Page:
The Town of Middletown today announced that they have achieved the prestigious “Tree City” honor.
Matt Sheley, Public Affairs Officer for the Town of Middletown shared the following “News You Can Use”.
Middletown has been designated as a “Tree City.”
Late last week, local leaders learned of the prestigious national recognition from the Arbor Day Foundation, the Nebraska-based nonprofit dedicated to the planting of trees across the United States.
In response, area officials said they were proud of the distinction and would continue to work hard to make the community the best place it could be to live, work and play.
“The recognition is important because, first, it demonstrates in a very public way, the incredible support the town governing boards and the town administration has given to our urban forest,” said Karen Day, chairwoman of the town’s Tree Commission, which submitted the application seeking the “Tree City” designation.
“It gives us an opportunity to highlight the benefits trees provide from providing a beautiful landscape, providing habitat to wildlife, to cleansing the air, lowering the temperature, and helping to manage stormwater runoff in a very low tech but efficient way. The signs that are provided (along High Street and Turner Road) are visible reminder of our commitment to their success.”
Over the past two decades plus, Middletown has worked hard to protect and preserve its open spaces and scenic vistas as much as possible without stifling positive development to help the town grow in appropriate ways.
It’s not uncommon to hear area officials talk about concerns with projects encroaching on untapped areas and the potential over commercialization of its open spaces, particularly on the east side of town.
However, the town has taken major steps on the west side too, none bigger than the creation of the Middletown Valley Park behind the Aquidneck Shopping Centre. The park on O’Neil Boulevard and High Street acts as an oasis for people across the community to visit and walk the gravel trails away from the nearby hustle and bustle of West Main Road.
Through the Tree Commission, the town also has a robust tree planting program, one that encourages public and private property owners to grow a variety of trees on their property. For more information about the volunteer group’s work, visit https://tree commission.middletownri.com online.
Town Council President Robert J. Sylvia said all the moves are part of a concerted effort by the town to make Middletown a high-quality place for families to enjoy and grow.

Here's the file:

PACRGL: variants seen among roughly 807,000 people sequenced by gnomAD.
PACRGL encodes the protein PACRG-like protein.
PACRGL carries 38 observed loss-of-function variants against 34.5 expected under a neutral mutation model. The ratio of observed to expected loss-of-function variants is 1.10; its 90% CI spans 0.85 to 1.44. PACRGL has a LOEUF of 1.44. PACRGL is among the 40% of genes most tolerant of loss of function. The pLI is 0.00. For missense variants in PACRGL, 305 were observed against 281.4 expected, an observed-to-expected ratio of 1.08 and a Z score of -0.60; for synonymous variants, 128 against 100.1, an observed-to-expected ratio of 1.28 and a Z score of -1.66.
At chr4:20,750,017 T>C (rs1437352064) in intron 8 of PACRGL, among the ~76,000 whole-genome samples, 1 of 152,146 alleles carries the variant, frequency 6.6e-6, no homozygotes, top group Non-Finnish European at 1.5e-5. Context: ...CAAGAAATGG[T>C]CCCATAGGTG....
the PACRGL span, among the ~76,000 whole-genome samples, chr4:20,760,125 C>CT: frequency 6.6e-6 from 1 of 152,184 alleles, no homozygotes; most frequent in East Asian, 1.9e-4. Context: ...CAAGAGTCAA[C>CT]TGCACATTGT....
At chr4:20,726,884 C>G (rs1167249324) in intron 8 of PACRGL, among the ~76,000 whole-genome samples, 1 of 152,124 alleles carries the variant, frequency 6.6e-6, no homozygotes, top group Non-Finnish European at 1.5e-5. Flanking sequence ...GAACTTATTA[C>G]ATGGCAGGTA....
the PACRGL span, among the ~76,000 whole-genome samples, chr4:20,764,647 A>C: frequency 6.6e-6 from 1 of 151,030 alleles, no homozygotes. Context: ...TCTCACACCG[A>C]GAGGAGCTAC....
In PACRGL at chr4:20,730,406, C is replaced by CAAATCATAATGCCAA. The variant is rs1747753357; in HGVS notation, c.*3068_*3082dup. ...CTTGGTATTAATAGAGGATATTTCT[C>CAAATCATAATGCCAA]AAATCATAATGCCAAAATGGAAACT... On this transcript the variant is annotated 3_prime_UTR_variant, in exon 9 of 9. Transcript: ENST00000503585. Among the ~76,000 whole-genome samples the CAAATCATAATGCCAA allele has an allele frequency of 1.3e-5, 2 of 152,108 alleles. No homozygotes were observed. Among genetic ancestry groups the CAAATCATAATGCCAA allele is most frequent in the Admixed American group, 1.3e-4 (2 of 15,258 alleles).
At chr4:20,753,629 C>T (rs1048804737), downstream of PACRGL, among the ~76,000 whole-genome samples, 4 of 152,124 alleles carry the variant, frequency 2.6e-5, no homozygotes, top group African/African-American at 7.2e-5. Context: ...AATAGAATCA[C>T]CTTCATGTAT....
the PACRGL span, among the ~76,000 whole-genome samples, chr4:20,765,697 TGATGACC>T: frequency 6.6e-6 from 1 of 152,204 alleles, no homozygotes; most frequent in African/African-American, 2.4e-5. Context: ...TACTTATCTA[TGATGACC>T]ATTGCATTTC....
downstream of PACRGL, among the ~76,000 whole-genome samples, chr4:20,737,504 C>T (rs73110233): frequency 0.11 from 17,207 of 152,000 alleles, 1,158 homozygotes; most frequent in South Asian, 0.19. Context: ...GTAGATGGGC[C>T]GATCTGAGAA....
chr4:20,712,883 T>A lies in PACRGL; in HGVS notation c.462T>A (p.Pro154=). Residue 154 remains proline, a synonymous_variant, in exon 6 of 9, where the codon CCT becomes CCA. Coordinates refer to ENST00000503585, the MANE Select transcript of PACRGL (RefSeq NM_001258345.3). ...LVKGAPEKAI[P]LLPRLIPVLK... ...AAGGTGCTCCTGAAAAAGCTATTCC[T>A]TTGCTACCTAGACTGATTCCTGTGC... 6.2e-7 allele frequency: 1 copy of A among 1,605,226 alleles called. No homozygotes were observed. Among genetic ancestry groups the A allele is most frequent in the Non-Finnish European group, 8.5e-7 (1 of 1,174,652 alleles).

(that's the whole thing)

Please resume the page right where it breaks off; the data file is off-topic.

“I know personally, I’m honored at Middletown being named a ‘Tree City,’” Sylvia said. “We’ve worked hard, really hard, at maintaining an excellent quality of life here and the natural beauty of the town is a big part of that. Kudos to the Tree Commission and everyone else involved for making this a reality and it’s another reason Middletown is a great place to live, work and play.”
According to information on its website, there are more than 3,400 cities and towns recognized with the “Tree City” label around the United States by the Arbor Day Foundation.
In order to be considered for the achievement, Day said a community must show the Arbor Day Foundation the following criteria:
1. A tree ordinance with a Tree Commission or Board who works for the support of trees in the town.
2. The town must spend at least $2 per capita directly for the planting and maintenance of trees.
3. The Town Council (or similar governing board) must have a proclamation in support of Arbor Day.
4. There must be an Arbor Day recognition ceremony or activity in the town, although that requirement was waived in 2020 and may be waived this year.
Day said once she completed the application on behalf of the Tree Commission, it was submitted to the Urban Forestry Department at the Rhode Island Department of Environmental Management. She said that state group reviewed the paperwork and forwarded it the Arbor Day Foundation for final approval.
“This is the third time we applied and the third time we have received recognition,” Day said. “All of the cities and towns on Aquidneck Island now have ‘Tree City’ status.”
In coming weeks, Day said the Tree Commission is planning around Earth Day.
“We are planning, as part of the Aquidneck Island Earth Week celebration to do a tree seedling give away. Details will be coming soon,” Day said. “The Tree Commission’s mission will continue and we will do all we can to make sure our ‘urban forest’ continues to grow and the trees we have previously planted will receive the attention they need to thrive.”
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